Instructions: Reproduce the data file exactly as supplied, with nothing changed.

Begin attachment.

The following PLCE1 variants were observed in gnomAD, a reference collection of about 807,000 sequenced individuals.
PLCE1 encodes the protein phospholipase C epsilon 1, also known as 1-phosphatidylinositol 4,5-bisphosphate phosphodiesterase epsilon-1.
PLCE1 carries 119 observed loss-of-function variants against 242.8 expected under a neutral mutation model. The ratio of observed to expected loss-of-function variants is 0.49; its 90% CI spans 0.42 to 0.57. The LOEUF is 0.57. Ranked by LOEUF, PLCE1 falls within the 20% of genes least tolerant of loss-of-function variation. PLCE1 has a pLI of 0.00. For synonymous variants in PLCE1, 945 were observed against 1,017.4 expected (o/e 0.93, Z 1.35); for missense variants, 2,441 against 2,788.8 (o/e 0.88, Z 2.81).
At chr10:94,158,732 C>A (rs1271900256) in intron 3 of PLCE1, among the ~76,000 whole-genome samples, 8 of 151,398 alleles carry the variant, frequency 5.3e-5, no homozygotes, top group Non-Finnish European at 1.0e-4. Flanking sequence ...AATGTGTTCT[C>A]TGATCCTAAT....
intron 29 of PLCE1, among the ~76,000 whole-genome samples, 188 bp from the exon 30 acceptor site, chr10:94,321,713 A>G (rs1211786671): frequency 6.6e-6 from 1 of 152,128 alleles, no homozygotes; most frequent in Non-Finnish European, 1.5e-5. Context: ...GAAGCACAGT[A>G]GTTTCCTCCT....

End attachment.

The following PLCE1 variants were observed in gnomAD, a reference collection of about 807,000 sequenced individuals.
PLCE1 encodes the protein phospholipase C epsilon 1, also known as 1-phosphatidylinositol 4,5-bisphosphate phosphodiesterase epsilon-1.
PLCE1 carries 119 observed loss-of-function variants against 242.8 expected under a neutral mutation model. The ratio of observed to expected loss-of-function variants is 0.49; its 90% CI spans 0.42 to 0.57. The LOEUF is 0.57. Ranked by LOEUF, PLCE1 falls within the 20% of genes least tolerant of loss-of-function variation. PLCE1 has a pLI of 0.00. For synonymous variants in PLCE1, 945 were observed against 1,017.4 expected (o/e 0.93, Z 1.35); for missense variants, 2,441 against 2,788.8 (o/e 0.88, Z 2.81).
At chr10:94,158,732 C>A (rs1271900256) in intron 3 of PLCE1, among the ~76,000 whole-genome samples, 8 of 151,398 alleles carry the variant, frequency 5.3e-5, no homozygotes, top group Non-Finnish European at 1.0e-4. Flanking sequence ...AATGTGTTCT[C>A]TGATCCTAAT....
intron 29 of PLCE1, among the ~76,000 whole-genome samples, 188 bp from the exon 30 acceptor site, chr10:94,321,713 A>G (rs1211786671): frequency 6.6e-6 from 1 of 152,128 alleles, no homozygotes; most frequent in Non-Finnish European, 1.5e-5. Context: ...GAAGCACAGT[A>G]GTTTCCTCCT....